I prefer sit on a prayer mat on the floor with my legs crossed. The lotus or half-lotus position, Make sure your back is straight but not rigid, with your hips and shoulders in line. If you’re in a chair, keep your feet flat on the floor.
You may want to set a timer. Again, I recommend at least 15 minutes to start, though if you want you can certainly do it longer. When you’re just getting started, it’s probably better to do it for a shorter time, but consistently. 15 minutes for three days is better than 45 minutes one day and zero for two.
You don’t need to “count” your breathing or anything like that; just breathe naturally. As you become more relaxed and ready your breathing will naturally deepen. I like to touch my tongue to the roof of my mouth, just behind my top two teeth, and breathe in and out evenly through my nose and mouth together. You may try that, or you may be more comfortable breathing in through your nose and out through your mouth, or some other way. It’s entirely up to you and your own comfort. It is better to use both your nose and mouth than only one of the two.

Step 3: pick a word or short phrase for focus

You should pick a word or short phrase to repeat in your mind as your breathing begins to deepen. This can be a bit from scripture, or perhaps something that helps you think of God being close to you.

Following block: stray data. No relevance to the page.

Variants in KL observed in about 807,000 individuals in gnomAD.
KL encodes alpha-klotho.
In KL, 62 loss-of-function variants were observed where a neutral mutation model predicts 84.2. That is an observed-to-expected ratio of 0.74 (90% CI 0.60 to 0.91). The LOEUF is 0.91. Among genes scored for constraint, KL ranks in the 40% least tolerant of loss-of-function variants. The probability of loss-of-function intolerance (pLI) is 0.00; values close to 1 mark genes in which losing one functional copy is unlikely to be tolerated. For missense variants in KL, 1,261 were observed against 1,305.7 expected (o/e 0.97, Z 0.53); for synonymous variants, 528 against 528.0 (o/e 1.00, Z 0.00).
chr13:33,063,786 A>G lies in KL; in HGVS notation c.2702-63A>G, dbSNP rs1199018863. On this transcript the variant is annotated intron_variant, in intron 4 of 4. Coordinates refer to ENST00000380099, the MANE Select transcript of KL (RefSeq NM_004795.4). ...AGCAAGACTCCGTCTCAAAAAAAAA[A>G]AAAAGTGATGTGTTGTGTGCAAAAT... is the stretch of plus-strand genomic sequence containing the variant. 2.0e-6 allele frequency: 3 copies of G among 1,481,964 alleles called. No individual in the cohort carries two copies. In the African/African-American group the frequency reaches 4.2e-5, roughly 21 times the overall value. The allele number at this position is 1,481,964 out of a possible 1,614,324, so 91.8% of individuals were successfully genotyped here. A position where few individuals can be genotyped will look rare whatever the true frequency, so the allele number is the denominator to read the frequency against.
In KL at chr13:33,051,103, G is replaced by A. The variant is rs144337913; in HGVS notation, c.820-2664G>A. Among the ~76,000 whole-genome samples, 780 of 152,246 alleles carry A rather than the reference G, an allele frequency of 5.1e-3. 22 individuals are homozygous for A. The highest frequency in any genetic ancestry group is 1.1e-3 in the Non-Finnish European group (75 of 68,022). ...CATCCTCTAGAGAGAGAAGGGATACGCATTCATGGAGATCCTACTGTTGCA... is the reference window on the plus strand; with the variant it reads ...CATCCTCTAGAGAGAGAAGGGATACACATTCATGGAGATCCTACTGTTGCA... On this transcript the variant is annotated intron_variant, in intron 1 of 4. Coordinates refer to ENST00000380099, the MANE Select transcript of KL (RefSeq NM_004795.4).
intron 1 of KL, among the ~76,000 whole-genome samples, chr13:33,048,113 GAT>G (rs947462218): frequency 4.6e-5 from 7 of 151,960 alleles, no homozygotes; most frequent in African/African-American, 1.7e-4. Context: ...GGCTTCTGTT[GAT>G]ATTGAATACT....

Many choose to repeat the word Abba, reasoning that if it worked for Jesus then it’s good enough for them. The specific word or phrase doesn’t matter as long as it helps you center yourself and recognize the presence of God about, around, and within you.
Eventually you will come to the point where you no longer need to consciously speak the word or phrase in your mind; you will have internalized it. At that point, you can wordlessly invite God to search your heart and begin the work of healing. When you find yourself distracted by outside things or your own doubts and fears, take up your word/phrase  again to find your bearings and return to your internal place of peace.

Step 4: repeat this for 15 minutes or more

Do not become frustrated if you have difficulty focusing. It will come! Don’t try to push out your thoughts or struggle against them. Continue breathing and praying your word/phrase and allow thoughts to come and go.
If you feel frustration or condemnation, know that God is with you and will not allow evil to overcome you. It could be that through your thoughts God is showing you something. On a few occasions, a recurring thought has come to me during times of centering prayer that have been directly related to things God was working to change in me. Let them be, accept the fact of their existence, and keep allowing God to illumine your inner self.

Step 5: regain awareness of the world

After 15 minutes or however long you have decided to spend praying, open your eyes and slowly regain a sense of awareness of the world around you. Look around, taking in the colors, sights, and sounds. Notice the presence of God around you, and realize that it goes with you wherever you are.
You may need to stretch a bit after spending so long sitting in one place. Let thoughts come back without fighting against them, and begin to transition into whatever you need to do next. You might want to say another prayer to wrap up the time, such as the Lord’s Prayer or a personal prayer. I like to say either the Lord’s Prayer or the Collect for Purity from the Book of Common Prayer.